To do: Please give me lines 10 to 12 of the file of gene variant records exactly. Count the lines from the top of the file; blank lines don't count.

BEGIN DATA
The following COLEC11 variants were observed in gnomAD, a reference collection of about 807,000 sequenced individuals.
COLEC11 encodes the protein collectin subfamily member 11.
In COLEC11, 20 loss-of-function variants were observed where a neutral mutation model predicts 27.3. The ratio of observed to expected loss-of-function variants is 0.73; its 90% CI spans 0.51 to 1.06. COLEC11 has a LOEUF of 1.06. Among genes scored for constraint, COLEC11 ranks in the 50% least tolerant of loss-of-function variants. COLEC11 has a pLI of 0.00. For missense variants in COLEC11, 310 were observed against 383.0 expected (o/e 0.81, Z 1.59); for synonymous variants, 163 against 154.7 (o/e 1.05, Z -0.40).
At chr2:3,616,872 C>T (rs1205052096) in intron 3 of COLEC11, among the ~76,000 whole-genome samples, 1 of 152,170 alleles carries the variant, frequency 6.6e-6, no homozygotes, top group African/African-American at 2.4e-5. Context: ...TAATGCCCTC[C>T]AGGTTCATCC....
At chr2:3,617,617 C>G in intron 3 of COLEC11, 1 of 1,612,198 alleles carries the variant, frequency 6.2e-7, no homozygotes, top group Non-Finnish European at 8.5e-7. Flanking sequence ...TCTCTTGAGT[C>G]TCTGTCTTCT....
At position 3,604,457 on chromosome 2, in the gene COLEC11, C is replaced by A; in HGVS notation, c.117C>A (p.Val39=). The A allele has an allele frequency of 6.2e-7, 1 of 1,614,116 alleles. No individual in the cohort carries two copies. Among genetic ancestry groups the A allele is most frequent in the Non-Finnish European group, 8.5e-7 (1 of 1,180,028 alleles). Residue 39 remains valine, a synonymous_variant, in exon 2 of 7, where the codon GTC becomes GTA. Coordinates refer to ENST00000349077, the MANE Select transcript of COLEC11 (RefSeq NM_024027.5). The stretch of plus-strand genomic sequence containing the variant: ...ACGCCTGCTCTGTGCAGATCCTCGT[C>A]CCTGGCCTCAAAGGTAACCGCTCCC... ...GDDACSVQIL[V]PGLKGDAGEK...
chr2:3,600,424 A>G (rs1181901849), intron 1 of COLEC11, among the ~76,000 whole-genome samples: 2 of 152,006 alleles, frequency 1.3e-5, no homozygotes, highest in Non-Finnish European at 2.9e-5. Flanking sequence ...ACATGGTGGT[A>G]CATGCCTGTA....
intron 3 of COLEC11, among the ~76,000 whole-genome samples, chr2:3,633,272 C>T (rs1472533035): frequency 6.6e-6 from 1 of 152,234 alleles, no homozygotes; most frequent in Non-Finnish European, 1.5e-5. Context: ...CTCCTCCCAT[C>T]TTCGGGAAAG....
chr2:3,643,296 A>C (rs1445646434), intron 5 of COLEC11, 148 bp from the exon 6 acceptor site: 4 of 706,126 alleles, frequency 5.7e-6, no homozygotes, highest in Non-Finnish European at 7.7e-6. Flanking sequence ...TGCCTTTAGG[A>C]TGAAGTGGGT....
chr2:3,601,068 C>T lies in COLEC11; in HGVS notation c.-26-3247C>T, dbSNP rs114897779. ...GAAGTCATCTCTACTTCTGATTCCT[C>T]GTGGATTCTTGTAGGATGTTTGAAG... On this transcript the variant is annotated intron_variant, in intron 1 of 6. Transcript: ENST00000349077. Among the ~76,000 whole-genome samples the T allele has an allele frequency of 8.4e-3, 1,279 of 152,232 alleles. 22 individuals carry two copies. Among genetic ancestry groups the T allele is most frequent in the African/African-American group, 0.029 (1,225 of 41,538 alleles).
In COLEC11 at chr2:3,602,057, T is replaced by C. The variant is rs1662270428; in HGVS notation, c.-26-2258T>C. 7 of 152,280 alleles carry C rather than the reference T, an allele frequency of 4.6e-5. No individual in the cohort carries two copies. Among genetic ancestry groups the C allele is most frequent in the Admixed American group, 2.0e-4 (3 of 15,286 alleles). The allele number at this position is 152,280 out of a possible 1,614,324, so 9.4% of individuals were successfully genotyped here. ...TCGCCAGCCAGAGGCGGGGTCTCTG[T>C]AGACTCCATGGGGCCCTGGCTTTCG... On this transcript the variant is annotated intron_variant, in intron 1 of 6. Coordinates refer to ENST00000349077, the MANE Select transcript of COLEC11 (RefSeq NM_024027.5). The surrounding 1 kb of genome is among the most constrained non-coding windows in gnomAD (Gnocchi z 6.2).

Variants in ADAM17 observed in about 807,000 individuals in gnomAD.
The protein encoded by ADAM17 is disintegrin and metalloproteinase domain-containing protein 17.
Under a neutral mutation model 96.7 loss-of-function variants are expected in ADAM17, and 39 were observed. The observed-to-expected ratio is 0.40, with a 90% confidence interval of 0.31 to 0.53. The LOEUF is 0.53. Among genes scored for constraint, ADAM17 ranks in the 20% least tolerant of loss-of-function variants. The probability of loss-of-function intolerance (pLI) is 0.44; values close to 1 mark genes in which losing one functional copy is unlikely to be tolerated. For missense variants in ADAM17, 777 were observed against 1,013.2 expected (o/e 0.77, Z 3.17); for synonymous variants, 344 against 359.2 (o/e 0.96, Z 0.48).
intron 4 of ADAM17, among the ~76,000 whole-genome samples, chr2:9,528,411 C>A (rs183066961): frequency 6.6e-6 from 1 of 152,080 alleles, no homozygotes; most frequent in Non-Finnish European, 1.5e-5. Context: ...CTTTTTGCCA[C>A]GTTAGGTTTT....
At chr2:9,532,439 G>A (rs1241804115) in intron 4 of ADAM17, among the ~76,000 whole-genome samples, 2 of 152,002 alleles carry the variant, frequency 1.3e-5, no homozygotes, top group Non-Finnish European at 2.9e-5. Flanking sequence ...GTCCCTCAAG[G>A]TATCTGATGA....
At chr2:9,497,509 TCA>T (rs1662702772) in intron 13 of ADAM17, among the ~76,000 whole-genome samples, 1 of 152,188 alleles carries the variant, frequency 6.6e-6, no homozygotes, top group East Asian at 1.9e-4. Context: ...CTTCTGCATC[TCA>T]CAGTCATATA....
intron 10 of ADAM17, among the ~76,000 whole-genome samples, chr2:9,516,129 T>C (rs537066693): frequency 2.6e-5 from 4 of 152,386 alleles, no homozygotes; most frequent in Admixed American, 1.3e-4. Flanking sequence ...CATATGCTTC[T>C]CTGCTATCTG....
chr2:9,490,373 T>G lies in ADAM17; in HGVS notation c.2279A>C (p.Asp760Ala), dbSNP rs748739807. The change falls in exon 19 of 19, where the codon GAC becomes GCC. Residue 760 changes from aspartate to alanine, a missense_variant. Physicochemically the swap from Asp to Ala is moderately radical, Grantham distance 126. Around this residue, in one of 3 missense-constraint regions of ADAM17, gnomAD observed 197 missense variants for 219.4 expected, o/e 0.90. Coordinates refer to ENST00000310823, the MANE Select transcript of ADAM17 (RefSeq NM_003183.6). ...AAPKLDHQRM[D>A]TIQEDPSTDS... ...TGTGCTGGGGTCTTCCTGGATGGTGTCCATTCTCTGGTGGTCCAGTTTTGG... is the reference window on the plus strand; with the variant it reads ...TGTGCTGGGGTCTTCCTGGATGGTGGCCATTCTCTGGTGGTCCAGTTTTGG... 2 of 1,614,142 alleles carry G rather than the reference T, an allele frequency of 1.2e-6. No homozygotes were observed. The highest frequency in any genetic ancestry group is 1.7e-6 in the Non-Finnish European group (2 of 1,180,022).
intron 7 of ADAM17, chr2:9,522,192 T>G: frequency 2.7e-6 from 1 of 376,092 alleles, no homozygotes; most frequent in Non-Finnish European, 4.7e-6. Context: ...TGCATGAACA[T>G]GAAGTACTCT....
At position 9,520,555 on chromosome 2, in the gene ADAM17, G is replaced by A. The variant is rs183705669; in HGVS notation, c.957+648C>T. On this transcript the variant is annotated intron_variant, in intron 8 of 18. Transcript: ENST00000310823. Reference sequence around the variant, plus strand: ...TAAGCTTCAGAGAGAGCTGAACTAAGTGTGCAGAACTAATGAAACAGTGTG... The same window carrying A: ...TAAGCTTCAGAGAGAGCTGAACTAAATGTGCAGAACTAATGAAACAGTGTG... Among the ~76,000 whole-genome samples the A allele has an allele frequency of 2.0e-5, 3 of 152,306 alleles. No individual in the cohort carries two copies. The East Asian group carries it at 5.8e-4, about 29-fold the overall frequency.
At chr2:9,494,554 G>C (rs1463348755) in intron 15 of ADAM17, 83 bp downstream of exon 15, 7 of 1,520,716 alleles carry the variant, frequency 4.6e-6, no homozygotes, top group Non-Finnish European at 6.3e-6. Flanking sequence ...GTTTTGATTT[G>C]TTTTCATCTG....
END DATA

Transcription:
chr2:3,601,068 C>T lies in COLEC11; in HGVS notation c.-26-3247C>T, dbSNP rs114897779. ...GAAGTCATCTCTACTTCTGATTCCT[C>T]GTGGATTCTTGTAGGATGTTTGAAG... On this transcript the variant is annotated intron_variant, in intron 1 of 6. Transcript: ENST00000349077. Among the ~76,000 whole-genome samples the T allele has an allele frequency of 8.4e-3, 1,279 of 152,232 alleles. 22 individuals carry two copies. Among genetic ancestry groups the T allele is most frequent in the African/African-American group, 0.029 (1,225 of 41,538 alleles).
In COLEC11 at chr2:3,602,057, T is replaced by C. The variant is rs1662270428; in HGVS notation, c.-26-2258T>C. 7 of 152,280 alleles carry C rather than the reference T, an allele frequency of 4.6e-5. No individual in the cohort carries two copies. Among genetic ancestry groups the C allele is most frequent in the Admixed American group, 2.0e-4 (3 of 15,286 alleles). The allele number at this position is 152,280 out of a possible 1,614,324, so 9.4% of individuals were successfully genotyped here. ...TCGCCAGCCAGAGGCGGGGTCTCTG[T>C]AGACTCCATGGGGCCCTGGCTTTCG... On this transcript the variant is annotated intron_variant, in intron 1 of 6. Coordinates refer to ENST00000349077, the MANE Select transcript of COLEC11 (RefSeq NM_024027.5). The surrounding 1 kb of genome is among the most constrained non-coding windows in gnomAD (Gnocchi z 6.2).

Variants in ADAM17 observed in about 807,000 individuals in gnomAD.